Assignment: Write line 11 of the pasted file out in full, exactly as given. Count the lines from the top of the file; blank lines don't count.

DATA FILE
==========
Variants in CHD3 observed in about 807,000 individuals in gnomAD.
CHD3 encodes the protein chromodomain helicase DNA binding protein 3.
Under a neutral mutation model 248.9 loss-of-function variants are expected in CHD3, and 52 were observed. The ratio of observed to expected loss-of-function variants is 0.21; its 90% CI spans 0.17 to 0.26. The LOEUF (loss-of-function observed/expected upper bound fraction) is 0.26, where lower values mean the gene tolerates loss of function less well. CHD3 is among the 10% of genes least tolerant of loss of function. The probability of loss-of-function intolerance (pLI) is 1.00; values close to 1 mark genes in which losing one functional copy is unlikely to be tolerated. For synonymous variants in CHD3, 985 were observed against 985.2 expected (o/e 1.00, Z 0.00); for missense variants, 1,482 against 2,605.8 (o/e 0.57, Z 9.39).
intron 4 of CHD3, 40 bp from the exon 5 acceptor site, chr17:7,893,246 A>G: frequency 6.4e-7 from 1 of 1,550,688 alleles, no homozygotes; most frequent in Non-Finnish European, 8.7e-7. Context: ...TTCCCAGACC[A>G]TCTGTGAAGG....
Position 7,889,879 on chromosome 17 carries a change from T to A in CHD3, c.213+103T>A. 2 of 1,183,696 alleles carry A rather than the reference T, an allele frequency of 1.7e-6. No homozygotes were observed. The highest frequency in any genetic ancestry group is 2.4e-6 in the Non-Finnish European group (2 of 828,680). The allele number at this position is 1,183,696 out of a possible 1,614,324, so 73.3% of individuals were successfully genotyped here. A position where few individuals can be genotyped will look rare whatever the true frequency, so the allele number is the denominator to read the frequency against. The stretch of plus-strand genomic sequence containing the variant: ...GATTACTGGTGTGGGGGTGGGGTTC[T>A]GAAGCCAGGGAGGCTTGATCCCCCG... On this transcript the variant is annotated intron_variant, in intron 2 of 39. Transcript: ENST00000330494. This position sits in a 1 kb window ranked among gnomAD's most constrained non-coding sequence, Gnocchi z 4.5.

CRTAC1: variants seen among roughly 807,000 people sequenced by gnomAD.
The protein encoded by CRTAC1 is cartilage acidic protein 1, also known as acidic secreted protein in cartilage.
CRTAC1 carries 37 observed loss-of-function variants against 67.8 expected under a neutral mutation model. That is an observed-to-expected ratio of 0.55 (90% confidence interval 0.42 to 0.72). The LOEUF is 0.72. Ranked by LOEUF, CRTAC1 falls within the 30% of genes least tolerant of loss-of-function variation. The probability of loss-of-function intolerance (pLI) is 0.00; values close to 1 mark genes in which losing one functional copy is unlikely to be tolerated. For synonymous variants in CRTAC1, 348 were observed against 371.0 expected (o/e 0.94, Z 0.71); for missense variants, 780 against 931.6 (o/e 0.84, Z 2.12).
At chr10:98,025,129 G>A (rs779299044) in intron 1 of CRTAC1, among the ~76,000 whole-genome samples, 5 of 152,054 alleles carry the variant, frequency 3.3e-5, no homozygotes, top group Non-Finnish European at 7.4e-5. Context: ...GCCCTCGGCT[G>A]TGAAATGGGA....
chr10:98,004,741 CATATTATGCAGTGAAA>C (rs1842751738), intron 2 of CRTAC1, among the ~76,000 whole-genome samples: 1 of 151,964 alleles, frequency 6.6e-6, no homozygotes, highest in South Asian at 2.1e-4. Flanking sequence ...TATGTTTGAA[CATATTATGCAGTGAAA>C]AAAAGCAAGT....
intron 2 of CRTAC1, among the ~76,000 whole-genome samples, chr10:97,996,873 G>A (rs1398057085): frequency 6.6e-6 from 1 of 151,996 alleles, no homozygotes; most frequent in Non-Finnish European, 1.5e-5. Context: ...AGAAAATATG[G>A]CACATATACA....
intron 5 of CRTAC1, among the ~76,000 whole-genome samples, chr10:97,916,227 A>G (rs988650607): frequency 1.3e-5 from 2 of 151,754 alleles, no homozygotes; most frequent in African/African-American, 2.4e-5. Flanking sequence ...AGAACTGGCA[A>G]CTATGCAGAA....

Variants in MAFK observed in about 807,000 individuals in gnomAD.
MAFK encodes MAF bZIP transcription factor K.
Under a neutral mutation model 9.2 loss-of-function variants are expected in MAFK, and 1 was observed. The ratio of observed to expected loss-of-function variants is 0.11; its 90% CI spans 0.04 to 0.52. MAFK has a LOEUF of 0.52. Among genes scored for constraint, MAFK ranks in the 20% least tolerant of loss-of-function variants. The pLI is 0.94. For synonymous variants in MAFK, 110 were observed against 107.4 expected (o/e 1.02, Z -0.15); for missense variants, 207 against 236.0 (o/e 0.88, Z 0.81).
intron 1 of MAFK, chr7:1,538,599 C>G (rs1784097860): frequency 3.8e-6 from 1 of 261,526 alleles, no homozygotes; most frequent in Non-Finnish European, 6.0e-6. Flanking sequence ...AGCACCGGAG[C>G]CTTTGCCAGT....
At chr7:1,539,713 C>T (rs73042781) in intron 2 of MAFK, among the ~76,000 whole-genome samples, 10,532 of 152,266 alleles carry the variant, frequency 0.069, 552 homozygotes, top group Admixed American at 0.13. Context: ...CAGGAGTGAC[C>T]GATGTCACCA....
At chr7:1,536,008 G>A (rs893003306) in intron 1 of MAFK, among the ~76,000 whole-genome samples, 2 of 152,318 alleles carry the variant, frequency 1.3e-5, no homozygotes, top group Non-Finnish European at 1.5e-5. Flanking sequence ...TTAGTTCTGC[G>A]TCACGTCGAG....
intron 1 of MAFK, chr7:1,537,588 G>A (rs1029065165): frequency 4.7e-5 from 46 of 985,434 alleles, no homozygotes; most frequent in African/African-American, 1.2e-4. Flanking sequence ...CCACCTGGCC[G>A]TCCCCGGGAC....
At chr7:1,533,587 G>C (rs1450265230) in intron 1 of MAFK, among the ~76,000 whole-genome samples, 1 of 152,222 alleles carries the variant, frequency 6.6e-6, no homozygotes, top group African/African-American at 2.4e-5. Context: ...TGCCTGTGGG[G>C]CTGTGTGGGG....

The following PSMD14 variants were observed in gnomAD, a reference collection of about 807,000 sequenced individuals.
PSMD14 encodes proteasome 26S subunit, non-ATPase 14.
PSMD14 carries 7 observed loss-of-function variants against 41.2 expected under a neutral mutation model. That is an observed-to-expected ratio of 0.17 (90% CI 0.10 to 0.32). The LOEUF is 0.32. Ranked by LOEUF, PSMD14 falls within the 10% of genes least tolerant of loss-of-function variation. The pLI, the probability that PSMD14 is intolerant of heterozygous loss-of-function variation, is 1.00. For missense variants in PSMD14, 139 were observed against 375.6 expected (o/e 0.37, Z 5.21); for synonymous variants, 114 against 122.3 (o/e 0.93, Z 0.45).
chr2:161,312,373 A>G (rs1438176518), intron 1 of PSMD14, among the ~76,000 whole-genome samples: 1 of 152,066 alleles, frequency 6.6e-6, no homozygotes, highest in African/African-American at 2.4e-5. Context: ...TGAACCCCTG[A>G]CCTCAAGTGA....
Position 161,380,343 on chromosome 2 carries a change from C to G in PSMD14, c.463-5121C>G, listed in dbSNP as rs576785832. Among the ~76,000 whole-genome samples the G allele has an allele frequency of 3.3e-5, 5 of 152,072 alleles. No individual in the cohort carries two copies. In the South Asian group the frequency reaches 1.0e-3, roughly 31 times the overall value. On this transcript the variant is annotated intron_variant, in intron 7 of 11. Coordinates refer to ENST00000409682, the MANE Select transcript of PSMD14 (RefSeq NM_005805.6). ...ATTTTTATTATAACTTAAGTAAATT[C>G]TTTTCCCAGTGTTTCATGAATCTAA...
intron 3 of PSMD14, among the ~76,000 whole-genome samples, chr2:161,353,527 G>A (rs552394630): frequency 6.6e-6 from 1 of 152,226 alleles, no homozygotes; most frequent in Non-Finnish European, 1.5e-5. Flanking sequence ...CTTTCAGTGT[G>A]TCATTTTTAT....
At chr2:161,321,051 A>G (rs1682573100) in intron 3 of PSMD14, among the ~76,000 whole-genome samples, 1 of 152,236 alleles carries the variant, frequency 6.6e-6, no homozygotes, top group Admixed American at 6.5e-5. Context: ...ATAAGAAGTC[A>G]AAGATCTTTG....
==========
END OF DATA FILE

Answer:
intron 2 of CRTAC1, among the ~76,000 whole-genome samples, chr10:97,996,873 G>A (rs1398057085): frequency 6.6e-6 from 1 of 151,996 alleles, no homozygotes; most frequent in Non-Finnish European, 1.5e-5. Context: ...AGAAAATATG[G>A]CACATATACA....